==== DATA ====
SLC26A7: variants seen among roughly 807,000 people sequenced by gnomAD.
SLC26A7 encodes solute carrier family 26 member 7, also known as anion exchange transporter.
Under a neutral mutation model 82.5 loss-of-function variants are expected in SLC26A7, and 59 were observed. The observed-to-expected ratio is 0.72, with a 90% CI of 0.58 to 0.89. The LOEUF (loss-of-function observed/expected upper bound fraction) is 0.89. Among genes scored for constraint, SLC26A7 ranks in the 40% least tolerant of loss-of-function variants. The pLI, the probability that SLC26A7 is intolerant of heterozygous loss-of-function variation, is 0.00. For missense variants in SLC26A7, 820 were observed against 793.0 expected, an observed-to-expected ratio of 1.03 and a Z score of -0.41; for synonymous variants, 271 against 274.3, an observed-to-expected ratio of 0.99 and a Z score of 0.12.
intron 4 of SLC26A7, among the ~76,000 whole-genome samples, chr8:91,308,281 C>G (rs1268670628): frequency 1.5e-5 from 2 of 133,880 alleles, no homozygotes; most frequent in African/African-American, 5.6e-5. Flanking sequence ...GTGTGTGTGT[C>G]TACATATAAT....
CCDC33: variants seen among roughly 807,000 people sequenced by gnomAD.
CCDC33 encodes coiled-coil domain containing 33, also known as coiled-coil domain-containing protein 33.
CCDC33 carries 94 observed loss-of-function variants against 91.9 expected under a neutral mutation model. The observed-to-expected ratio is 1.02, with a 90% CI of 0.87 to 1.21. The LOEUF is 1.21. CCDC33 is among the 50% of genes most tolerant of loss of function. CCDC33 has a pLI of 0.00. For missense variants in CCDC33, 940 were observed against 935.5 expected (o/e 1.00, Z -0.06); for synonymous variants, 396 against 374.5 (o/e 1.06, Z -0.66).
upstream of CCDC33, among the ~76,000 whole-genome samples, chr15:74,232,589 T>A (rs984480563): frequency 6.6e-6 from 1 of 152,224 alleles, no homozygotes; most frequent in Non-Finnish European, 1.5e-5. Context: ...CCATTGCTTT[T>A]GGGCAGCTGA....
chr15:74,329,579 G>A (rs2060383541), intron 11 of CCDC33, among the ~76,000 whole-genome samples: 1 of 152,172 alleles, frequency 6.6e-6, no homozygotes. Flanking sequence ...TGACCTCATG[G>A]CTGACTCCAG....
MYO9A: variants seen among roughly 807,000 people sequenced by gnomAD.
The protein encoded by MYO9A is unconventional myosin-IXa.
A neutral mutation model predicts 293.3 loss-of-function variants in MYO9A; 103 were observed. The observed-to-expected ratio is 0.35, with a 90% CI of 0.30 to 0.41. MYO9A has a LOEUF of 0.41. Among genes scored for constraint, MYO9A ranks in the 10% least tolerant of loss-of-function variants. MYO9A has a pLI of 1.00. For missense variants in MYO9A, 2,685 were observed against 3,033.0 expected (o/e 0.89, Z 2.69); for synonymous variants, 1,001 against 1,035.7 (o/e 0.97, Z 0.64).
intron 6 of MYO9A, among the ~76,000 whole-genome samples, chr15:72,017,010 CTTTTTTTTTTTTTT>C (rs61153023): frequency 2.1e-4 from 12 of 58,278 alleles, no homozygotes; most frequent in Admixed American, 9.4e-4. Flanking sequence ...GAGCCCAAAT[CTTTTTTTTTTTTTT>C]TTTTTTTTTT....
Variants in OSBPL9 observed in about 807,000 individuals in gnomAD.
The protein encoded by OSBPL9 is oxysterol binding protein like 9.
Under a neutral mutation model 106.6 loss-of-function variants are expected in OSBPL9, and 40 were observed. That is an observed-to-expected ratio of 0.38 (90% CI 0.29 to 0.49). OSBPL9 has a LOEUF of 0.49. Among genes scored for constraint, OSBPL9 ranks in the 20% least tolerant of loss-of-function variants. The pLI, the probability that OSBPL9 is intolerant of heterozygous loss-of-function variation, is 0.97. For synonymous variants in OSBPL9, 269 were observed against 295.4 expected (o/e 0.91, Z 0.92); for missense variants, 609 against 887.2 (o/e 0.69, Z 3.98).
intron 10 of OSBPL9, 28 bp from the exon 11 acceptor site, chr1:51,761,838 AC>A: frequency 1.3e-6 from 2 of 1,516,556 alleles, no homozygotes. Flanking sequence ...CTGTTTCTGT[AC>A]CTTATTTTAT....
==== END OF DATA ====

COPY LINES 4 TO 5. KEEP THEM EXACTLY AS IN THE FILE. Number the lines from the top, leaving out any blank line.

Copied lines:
intron 4 of SLC26A7, among the ~76,000 whole-genome samples, chr8:91,308,281 C>G (rs1268670628): frequency 1.5e-5 from 2 of 133,880 alleles, no homozygotes; most frequent in African/African-American, 5.6e-5. Flanking sequence ...GTGTGTGTGT[C>G]TACATATAAT....
CCDC33: variants seen among roughly 807,000 people sequenced by gnomAD.